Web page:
AFTER THE STRIP CLUB he was managing burned down, Josh Fournier found himself at a crossroads in his mid-20s. He had been working on his stand-up comedy—with jokes focused on club life and his tough upbringing in Farmington and Albuquerque—but he was in a slump after some bad sets. Then he went to see writer-director Kevin Smith (Clerks) do a one-man show. Smith advised the audience to take one year to focus solely on a creative passion. “I was like, That’s my cue,” Fournier recalls. For three years, the comedian showed up at every open mic in Albuquerque and Durango, Colorado—usually seven nights a week—penning jokes in his notebook after hours, helping to build a fiercely funny Duke City comedy scene, and gaining a rep for trash talk and pungent anecdotes about growing up Diné and poor. Fame runs in his family: His grandfather is Marine Corps veteran John Kinsel Sr., the oldest living World War II Navajo Code Talker. Now 32, Fournier is a rising comedy star who has toured the country, opened for Dave Attell, and performed at the famed Comedy Store in Los Angeles. He appears this month at CloudTop Comedy Festival, in Santa Fe.

MY GRANDFATHER’S JOB IS TALKING. He was doing interviews almost weekly for a while. And that’s sort of my job now, too, so that’s cool.

HE WENT TO GUAM before they went to Japan. He was always talking about it: “In Guam they got lizards real big, big as a puppy dog. And those guys from Texas are crazy. They would catch those lizards and put string around ’em and walk ’em around like a puppy dog.” he would act it out and be real silly.

ALL THE BEST COPS EPISODES came out of Albuquerque. That’s good content. You have to make fun of where you come from. Either you get caught up in a horrible lifestyle or you just make fun of how sucky it is.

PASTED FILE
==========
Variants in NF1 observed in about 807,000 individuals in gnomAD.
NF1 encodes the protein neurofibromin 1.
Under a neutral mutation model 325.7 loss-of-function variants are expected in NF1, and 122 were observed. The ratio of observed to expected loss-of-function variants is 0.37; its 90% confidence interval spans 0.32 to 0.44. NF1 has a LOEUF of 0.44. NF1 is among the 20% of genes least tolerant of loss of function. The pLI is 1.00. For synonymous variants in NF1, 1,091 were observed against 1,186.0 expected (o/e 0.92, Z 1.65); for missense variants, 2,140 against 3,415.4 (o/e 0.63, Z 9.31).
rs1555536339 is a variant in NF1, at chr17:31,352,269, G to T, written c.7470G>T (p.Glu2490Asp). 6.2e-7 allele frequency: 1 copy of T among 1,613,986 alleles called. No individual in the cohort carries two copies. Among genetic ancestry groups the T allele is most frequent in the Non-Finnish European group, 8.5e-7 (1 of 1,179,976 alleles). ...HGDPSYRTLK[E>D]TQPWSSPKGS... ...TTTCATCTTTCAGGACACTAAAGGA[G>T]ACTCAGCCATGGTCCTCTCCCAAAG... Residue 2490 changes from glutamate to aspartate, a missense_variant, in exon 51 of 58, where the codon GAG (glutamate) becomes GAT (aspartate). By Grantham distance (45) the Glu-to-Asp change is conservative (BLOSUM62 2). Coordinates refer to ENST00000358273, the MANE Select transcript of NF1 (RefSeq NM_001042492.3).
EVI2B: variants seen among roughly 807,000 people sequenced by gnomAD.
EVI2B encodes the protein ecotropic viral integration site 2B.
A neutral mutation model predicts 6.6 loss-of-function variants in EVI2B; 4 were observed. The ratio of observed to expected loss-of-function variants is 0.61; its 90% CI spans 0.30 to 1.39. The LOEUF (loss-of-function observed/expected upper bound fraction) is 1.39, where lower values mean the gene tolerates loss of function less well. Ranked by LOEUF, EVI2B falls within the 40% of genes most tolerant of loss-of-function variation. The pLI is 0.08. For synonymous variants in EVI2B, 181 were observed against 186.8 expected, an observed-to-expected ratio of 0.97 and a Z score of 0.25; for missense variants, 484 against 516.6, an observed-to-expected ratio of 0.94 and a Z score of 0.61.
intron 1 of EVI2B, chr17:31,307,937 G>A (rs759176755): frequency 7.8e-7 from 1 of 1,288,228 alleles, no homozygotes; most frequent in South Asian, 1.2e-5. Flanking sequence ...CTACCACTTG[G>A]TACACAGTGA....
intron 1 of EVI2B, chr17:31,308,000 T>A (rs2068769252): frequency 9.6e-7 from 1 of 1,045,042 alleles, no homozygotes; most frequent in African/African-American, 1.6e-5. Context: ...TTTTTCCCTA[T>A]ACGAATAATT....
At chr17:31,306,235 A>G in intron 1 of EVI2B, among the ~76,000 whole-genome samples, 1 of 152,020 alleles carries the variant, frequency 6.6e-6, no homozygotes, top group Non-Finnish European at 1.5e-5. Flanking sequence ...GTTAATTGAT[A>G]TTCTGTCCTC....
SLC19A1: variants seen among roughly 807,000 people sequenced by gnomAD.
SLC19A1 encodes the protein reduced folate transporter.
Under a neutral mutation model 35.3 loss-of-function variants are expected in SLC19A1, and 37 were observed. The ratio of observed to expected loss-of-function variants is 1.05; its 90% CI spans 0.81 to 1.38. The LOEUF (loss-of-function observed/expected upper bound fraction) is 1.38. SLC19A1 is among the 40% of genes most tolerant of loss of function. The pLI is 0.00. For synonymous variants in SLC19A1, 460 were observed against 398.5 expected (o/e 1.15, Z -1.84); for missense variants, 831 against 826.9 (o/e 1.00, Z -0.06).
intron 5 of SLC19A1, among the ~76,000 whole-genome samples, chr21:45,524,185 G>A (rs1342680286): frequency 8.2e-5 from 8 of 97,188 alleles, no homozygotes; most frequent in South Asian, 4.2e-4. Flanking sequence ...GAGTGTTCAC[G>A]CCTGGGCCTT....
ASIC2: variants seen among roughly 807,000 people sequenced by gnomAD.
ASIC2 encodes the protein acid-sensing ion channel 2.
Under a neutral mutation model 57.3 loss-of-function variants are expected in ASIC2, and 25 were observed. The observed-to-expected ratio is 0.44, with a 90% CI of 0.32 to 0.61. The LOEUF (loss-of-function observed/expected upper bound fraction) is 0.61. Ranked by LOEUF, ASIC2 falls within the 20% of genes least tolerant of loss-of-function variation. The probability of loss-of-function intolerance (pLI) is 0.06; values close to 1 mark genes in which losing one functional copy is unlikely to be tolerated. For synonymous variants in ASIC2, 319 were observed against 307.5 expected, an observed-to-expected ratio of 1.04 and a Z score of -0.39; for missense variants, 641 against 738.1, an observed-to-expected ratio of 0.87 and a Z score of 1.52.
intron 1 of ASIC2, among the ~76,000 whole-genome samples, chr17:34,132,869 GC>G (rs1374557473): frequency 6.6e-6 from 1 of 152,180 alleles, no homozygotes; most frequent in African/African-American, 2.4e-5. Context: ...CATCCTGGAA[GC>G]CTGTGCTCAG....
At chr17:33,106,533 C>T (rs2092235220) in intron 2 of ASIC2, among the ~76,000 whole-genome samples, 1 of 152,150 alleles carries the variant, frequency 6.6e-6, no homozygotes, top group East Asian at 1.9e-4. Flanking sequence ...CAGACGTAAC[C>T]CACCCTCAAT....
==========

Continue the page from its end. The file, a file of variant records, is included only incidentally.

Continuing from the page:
I MAKE A LOT OF JOKES about growing up in prejudiced places.

REZ HUMOR, or what we call the Frybread Trail of Native comedy, it’s specific to rez crowds. Whereas my comedy, I like to think it’s funny for anybody. The way to do that is to connect what they know about Natives.

A LOT OF WHAT PEOPLE KNOW is alcoholics or what’s on cartoons, so if you make those silly, hacky jokes at the top, they can relate: Okay, I’ve seen that. I know about that. But the further I go into my set, it starts to challenge them.

I LIKE TO SAY I’m a comic who’s Navajo; I’m not a Navajo comic. My jokes can do well in different rooms and comedy clubs. I always write in a way that would make people laugh who aren’t Native.

A NEW MEXICO STYLE of comedy is more than just the accents and the food. It is a mindset because it’s a very scrappy, fighting state, you know. There’s also real pride.

MEETING DAVE ATTELL was an insane thing for me. He’s one of the greatest comics of all time. I met him after his show last year, and he hung out with us from 11:30 until three in the morning. He invited me to come by his set and do some time.

TO ME, NOTHING BEATS NEW MEXICO. There are no better skies, no greater scenery, no greater blend of cultures. It has a lot of great things to offer. But at the same time, the rest of the country sees us as a weird place to come from. You can work with that.

YOU GOT TO BE TOUGH to be from here, you have to be tough to live here. So that toughness should be enough to help you persevere, to achieve anything you want.

Read more: Native social media star Nasheen Sleuth dishes out hard truths, good advice, and plenty of laughs.

See for yourself

Catch Josh Fournier at CloudTop Comedy Festival, in Santa Fe, on May 11 at the Roast of Santa Fe at 6:30 p.m. in the Farmers' Market Pavilion, the Bad Indian Show at 8 p.m. at the Railyard Performance Center, and the Bad Indian Show at 9:30 p.m. at El Museo, For information on upcoming shows and more, visit